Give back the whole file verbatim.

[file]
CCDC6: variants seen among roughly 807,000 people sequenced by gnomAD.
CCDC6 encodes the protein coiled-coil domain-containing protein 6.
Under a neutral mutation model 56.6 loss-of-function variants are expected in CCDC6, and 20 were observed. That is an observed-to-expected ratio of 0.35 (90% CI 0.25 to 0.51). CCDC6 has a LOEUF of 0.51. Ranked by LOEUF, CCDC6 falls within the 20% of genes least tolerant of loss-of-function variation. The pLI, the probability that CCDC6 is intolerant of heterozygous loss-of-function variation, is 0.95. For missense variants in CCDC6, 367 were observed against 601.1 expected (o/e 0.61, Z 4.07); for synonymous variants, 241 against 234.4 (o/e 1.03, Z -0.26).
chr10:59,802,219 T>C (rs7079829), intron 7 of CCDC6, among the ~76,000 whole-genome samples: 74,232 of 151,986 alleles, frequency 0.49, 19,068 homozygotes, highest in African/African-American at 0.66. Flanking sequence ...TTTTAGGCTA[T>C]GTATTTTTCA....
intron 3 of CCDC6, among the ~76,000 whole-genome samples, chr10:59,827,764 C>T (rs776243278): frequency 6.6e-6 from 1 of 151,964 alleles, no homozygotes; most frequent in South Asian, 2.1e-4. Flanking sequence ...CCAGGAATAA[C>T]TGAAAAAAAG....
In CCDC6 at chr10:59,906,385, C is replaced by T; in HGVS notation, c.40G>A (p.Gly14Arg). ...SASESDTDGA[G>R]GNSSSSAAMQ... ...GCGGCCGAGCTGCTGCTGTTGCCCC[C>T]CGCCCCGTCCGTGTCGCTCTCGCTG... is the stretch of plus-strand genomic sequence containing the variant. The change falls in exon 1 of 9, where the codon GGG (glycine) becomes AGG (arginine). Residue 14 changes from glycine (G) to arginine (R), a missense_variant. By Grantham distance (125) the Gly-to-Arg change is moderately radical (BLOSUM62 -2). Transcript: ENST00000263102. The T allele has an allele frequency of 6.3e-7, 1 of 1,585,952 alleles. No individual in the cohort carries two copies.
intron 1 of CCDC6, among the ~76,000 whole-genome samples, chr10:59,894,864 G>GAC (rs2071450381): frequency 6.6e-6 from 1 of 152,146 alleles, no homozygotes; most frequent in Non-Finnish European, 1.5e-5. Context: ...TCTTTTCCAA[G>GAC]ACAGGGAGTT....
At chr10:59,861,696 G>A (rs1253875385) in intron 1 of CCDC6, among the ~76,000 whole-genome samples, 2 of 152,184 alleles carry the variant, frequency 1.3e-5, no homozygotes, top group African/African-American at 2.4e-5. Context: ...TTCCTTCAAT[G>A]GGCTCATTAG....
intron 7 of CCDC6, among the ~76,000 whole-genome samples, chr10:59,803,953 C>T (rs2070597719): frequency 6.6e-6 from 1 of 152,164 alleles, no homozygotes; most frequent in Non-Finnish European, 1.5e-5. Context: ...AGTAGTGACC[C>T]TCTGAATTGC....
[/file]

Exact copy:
CCDC6: variants seen among roughly 807,000 people sequenced by gnomAD.
CCDC6 encodes the protein coiled-coil domain-containing protein 6.
Under a neutral mutation model 56.6 loss-of-function variants are expected in CCDC6, and 20 were observed. That is an observed-to-expected ratio of 0.35 (90% CI 0.25 to 0.51). CCDC6 has a LOEUF of 0.51. Ranked by LOEUF, CCDC6 falls within the 20% of genes least tolerant of loss-of-function variation. The pLI, the probability that CCDC6 is intolerant of heterozygous loss-of-function variation, is 0.95. For missense variants in CCDC6, 367 were observed against 601.1 expected (o/e 0.61, Z 4.07); for synonymous variants, 241 against 234.4 (o/e 1.03, Z -0.26).
chr10:59,802,219 T>C (rs7079829), intron 7 of CCDC6, among the ~76,000 whole-genome samples: 74,232 of 151,986 alleles, frequency 0.49, 19,068 homozygotes, highest in African/African-American at 0.66. Flanking sequence ...TTTTAGGCTA[T>C]GTATTTTTCA....
intron 3 of CCDC6, among the ~76,000 whole-genome samples, chr10:59,827,764 C>T (rs776243278): frequency 6.6e-6 from 1 of 151,964 alleles, no homozygotes; most frequent in South Asian, 2.1e-4. Flanking sequence ...CCAGGAATAA[C>T]TGAAAAAAAG....
In CCDC6 at chr10:59,906,385, C is replaced by T; in HGVS notation, c.40G>A (p.Gly14Arg). ...SASESDTDGA[G>R]GNSSSSAAMQ... ...GCGGCCGAGCTGCTGCTGTTGCCCC[C>T]CGCCCCGTCCGTGTCGCTCTCGCTG... is the stretch of plus-strand genomic sequence containing the variant. The change falls in exon 1 of 9, where the codon GGG (glycine) becomes AGG (arginine). Residue 14 changes from glycine (G) to arginine (R), a missense_variant. By Grantham distance (125) the Gly-to-Arg change is moderately radical (BLOSUM62 -2). Transcript: ENST00000263102. The T allele has an allele frequency of 6.3e-7, 1 of 1,585,952 alleles. No individual in the cohort carries two copies.
intron 1 of CCDC6, among the ~76,000 whole-genome samples, chr10:59,894,864 G>GAC (rs2071450381): frequency 6.6e-6 from 1 of 152,146 alleles, no homozygotes; most frequent in Non-Finnish European, 1.5e-5. Context: ...TCTTTTCCAA[G>GAC]ACAGGGAGTT....
At chr10:59,861,696 G>A (rs1253875385) in intron 1 of CCDC6, among the ~76,000 whole-genome samples, 2 of 152,184 alleles carry the variant, frequency 1.3e-5, no homozygotes, top group African/African-American at 2.4e-5. Context: ...TTCCTTCAAT[G>A]GGCTCATTAG....
intron 7 of CCDC6, among the ~76,000 whole-genome samples, chr10:59,803,953 C>T (rs2070597719): frequency 6.6e-6 from 1 of 152,164 alleles, no homozygotes; most frequent in Non-Finnish European, 1.5e-5. Context: ...AGTAGTGACC[C>T]TCTGAATTGC....